Mark Kiessling founded do you read me?! in 2008 for the best business reason of all: necessity. After years of trying to locate inspiring magazines and books around Berlin, he was struck by the idea of opening a bookstore that would cater exclusively to the more unusual sections of your average bookstore – namely, international magazines and newspapers of all kinds, as well as specialized books in domains ranging from design to architecture to art to contemporary culture. The location on Auguststraße nestled among many of Berlin’s art galleries was perfect as well. And there they have been going strong almost 15 years later! Read on to find out more:
1. You moved location a few years ago, what made you want to do this and have you noticed any big changes since?
In fact, we have always been located at Auguststraße 28 in Berlin–Mitte. But yes, we had a temporary Reading Room in 2012–13 on Potsdamer Str. and several pop-up stores around the world.
2. What do you enjoy most about working in a bookshop and what do you find most challenging?
In addition to the daily demands of running a very popular bookshop, we would say that staying afloat of everything new and interesting is both the highest pleasure and greatest challenge. As one of the principal missions of the store is to promote exceptional independent publications that are difficult to find, we are constantly on the prowl for anything new and noteworthy. This means that our selection changes with great regularity, and that our clients will always stumble across something different and unusual with each visit. There are more and more publishers, particularly in regard to magazines; and many of them are generating impressive content. In the past, there were only a few dozen that seemed interesting to us. Now, there are hundreds. Discovering, promoting, and of course, selling them to the best of our ability is a thrilling (and sometimes overwhelming) experience!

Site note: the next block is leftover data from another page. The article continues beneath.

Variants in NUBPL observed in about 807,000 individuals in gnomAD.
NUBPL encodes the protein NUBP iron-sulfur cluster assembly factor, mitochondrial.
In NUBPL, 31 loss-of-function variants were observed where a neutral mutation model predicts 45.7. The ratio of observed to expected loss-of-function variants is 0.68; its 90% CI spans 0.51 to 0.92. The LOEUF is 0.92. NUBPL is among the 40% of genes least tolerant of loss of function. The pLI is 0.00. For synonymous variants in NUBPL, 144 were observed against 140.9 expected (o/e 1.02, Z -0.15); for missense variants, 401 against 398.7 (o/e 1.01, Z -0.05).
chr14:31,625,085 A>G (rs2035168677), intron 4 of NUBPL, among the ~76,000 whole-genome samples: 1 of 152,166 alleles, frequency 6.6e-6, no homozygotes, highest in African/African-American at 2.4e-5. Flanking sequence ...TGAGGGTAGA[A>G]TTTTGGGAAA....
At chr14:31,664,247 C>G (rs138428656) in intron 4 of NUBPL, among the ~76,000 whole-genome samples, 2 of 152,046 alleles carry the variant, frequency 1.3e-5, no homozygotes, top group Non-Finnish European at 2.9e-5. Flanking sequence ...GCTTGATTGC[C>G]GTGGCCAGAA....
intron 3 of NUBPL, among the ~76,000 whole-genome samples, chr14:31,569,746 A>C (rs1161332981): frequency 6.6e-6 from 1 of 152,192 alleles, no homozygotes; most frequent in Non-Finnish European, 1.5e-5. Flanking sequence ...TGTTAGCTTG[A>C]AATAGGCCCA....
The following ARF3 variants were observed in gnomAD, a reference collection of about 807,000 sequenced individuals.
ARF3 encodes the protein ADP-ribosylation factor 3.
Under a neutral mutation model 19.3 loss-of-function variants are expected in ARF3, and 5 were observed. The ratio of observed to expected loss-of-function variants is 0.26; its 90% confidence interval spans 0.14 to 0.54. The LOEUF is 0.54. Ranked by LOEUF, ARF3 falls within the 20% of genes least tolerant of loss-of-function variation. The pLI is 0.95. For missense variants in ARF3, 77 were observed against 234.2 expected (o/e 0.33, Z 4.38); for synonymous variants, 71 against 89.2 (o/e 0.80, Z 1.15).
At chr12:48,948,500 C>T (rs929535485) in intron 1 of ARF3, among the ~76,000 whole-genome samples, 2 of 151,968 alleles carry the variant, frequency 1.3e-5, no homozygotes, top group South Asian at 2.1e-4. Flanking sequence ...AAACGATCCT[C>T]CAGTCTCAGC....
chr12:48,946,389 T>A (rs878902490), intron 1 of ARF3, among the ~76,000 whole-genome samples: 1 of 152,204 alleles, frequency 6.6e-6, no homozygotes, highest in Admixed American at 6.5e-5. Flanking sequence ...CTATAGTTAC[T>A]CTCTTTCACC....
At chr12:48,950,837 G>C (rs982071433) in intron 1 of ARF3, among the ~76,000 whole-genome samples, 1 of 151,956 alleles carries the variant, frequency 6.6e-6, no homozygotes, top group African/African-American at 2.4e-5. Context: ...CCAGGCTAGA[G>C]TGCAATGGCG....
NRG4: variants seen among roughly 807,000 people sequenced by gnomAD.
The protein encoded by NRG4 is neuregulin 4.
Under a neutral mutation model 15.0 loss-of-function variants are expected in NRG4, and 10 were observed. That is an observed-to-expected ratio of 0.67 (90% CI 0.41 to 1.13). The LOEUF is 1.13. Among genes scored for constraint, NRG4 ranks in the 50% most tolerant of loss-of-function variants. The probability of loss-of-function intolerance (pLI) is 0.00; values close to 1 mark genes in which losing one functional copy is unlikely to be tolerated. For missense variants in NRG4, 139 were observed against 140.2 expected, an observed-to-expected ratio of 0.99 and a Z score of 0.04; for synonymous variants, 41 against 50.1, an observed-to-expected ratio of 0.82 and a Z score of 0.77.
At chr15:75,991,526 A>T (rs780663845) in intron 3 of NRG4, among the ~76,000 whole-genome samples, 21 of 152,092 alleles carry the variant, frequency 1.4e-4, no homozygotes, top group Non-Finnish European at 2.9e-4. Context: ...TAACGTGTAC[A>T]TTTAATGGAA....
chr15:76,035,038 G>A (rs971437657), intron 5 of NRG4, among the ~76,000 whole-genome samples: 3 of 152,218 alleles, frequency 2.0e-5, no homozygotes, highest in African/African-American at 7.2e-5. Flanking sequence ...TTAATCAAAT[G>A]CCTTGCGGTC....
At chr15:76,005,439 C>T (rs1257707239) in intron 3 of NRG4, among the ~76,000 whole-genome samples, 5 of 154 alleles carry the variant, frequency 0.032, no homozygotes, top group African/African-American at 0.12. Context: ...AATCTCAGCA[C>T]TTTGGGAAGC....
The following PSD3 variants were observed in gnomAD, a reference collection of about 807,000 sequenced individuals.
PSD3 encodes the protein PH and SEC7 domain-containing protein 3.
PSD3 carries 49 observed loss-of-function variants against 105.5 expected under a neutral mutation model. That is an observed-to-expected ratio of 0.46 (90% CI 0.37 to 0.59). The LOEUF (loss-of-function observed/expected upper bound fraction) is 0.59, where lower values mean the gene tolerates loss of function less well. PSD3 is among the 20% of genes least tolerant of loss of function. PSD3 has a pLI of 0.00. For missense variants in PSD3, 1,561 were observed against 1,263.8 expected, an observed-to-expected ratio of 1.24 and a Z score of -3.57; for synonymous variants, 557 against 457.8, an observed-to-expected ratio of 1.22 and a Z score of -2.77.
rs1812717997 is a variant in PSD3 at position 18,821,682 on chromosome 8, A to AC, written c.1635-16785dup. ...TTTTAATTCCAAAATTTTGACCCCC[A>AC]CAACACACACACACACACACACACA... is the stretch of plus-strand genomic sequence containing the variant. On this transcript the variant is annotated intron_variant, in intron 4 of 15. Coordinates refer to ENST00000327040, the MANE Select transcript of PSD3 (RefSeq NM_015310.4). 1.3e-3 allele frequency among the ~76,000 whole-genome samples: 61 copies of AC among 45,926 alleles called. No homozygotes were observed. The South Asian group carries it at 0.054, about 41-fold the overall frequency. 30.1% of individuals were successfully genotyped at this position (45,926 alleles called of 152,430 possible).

3. How do you find the interaction between your physical and online shop? Do you think an online shop is a necessity in the modern book market?
We did not open a brick-and-mortar shop in order to run an online shop, but during the pandemic, our digital component has become an essential part of do you read me?! – both in the sense of pure survival as well as simply keeping in touch with our customers. As a result of people being forced to shop almost exclusively from home for the better part of 2020 and 2021, we saw our client base expand all over the world. Of course, this is something that we would like to continue to foster and develop. We do our best to offer the same level of hospitality and service that you would receive if you visited the store in person – but ultimately, that’s not possible. Online stores may be indispensable in the modern book market, but a physical retail store with an assortment like ours offers unbeatable advantages for both the customer and the store owner.
4. What are your best-selling art and fashion books? Are there any Yale books that do particularly well for you?
For art, one of our bestselling books is On The Necessity of Gardening (published by Valiz). In stunning visual detail, it presents a broad portrait of how society has viewed gardens over the centuries, ultimately describing how our current relationship with them is being forced to evolve in the face of climate change. Another bestseller is If You’ve Seen It All, Close Your Eyes by the artist Coco Capitán (published by Chose Commune)–a fascinating collection of her handwritten notes that offers an insightful and nourishing look into the creative process.
For fashion, since half of our selection is magazines, we do brisk business with a broad variety of releases ranging from independent publishers like 032c to more mainstream titles like i-D. But if we narrow it down to fashion-related books, Dissolving the Ego of Fashion by Daniëlle Bruggeman (published by ArtEZ Press) has done very well with us. Essentially, it examines different ways of producing a more socially conscious idea of fashion that actively engages with real societal problems.
For Yale University Press books, Devotion by Patti Smith is the clear and undisputed winner. Which we are more than happy about!
5. If you were allowed to take one book to a desert island, which would it be and why?
Probably the great Enzo Mari’s Autoprogettazione (published by Corraini)! It is a beautiful and democratic book that teaches the reader how to build their own furniture even if they have zero training and limited resources. This book is so useful it might even point a way toward building a boat to get off of the desert island with only the materials at hand.